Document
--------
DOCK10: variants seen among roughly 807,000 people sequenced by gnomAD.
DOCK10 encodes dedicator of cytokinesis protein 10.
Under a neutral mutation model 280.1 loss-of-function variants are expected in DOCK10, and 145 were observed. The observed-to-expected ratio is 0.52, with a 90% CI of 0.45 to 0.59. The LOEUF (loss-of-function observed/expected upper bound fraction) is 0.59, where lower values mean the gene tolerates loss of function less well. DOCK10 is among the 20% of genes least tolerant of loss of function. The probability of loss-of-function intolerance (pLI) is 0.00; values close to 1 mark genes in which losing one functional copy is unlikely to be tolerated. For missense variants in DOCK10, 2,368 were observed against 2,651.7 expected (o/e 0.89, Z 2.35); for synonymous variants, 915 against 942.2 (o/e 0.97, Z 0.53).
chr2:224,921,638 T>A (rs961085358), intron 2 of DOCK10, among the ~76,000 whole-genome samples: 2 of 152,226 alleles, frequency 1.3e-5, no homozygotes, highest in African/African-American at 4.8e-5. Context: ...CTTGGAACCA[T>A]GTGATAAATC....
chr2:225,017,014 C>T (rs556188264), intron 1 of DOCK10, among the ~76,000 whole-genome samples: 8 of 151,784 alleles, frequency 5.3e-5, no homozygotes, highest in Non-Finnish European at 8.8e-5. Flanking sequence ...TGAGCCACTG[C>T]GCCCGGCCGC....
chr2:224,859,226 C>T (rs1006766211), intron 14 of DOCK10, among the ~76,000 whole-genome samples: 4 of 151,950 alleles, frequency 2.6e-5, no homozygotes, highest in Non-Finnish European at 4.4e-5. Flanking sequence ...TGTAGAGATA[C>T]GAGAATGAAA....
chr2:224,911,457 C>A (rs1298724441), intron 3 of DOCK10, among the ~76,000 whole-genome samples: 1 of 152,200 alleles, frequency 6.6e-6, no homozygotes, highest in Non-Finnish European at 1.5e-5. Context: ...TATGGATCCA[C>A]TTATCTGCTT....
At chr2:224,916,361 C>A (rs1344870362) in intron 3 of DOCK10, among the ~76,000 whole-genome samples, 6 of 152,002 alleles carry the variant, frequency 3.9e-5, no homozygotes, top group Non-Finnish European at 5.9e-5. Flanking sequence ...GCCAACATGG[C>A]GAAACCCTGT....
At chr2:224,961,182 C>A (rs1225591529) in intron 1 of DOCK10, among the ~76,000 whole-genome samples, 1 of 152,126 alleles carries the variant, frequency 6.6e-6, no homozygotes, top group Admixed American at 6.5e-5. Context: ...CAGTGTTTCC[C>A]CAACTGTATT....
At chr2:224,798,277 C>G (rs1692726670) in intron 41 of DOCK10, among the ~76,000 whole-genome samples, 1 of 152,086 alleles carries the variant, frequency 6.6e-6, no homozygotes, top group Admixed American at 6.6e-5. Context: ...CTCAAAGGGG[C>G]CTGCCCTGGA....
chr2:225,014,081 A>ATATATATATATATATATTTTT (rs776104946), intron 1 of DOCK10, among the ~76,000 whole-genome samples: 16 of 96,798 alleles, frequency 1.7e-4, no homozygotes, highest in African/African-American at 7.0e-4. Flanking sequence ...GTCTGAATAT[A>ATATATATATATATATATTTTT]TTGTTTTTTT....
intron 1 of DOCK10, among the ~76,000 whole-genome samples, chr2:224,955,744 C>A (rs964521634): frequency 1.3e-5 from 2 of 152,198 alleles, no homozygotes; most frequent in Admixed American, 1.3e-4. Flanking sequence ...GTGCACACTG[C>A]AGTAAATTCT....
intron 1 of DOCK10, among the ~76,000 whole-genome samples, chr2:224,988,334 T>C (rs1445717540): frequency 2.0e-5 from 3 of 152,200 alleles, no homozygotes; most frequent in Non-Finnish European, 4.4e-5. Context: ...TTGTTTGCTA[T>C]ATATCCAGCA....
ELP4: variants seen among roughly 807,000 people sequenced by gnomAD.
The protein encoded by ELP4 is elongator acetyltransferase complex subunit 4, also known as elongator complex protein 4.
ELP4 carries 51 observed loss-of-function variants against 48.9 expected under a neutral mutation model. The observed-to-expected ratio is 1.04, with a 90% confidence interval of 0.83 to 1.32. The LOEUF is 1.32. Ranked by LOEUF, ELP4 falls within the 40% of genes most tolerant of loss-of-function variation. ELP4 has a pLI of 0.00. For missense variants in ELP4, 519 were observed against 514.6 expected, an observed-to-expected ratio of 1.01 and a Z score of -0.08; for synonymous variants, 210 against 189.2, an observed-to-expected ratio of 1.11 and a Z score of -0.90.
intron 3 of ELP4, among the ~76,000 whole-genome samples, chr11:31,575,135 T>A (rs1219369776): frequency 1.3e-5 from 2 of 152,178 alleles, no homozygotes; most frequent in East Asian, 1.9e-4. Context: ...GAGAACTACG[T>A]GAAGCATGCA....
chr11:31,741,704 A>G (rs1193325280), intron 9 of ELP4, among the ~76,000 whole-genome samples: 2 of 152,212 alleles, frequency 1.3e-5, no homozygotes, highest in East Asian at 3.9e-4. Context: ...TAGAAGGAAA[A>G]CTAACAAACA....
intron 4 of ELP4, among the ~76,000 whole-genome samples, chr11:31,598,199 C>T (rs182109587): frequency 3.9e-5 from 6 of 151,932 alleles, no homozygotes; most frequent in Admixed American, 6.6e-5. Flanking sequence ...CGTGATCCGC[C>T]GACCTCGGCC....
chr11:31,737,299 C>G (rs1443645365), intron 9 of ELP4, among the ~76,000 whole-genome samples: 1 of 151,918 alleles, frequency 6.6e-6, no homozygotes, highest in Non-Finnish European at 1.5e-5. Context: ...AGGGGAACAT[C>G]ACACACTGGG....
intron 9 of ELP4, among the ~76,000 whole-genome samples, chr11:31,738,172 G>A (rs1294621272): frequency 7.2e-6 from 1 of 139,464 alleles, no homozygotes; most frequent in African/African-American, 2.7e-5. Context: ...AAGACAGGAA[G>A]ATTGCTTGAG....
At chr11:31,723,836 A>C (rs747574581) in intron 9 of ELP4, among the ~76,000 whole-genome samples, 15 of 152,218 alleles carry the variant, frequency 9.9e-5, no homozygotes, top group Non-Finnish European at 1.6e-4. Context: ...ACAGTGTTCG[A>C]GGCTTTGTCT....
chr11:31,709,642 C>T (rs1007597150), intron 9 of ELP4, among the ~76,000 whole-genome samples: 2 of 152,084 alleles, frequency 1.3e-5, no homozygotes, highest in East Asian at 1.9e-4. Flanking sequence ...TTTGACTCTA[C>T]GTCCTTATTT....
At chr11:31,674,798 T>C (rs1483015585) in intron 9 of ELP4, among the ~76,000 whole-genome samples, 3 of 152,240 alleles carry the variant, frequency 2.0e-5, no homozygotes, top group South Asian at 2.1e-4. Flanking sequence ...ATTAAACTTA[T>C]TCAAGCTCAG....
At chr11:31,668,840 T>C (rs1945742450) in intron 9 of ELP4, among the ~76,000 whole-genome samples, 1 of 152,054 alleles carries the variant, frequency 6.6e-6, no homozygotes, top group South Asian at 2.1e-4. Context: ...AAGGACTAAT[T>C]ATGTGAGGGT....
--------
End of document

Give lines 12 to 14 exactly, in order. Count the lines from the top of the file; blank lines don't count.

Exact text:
intron 1 of DOCK10, among the ~76,000 whole-genome samples, chr2:224,955,744 C>A (rs964521634): frequency 1.3e-5 from 2 of 152,198 alleles, no homozygotes; most frequent in Admixed American, 1.3e-4. Flanking sequence ...GTGCACACTG[C>A]AGTAAATTCT....
intron 1 of DOCK10, among the ~76,000 whole-genome samples, chr2:224,988,334 T>C (rs1445717540): frequency 2.0e-5 from 3 of 152,200 alleles, no homozygotes; most frequent in Non-Finnish European, 4.4e-5. Context: ...TTGTTTGCTA[T>C]ATATCCAGCA....
ELP4: variants seen among roughly 807,000 people sequenced by gnomAD.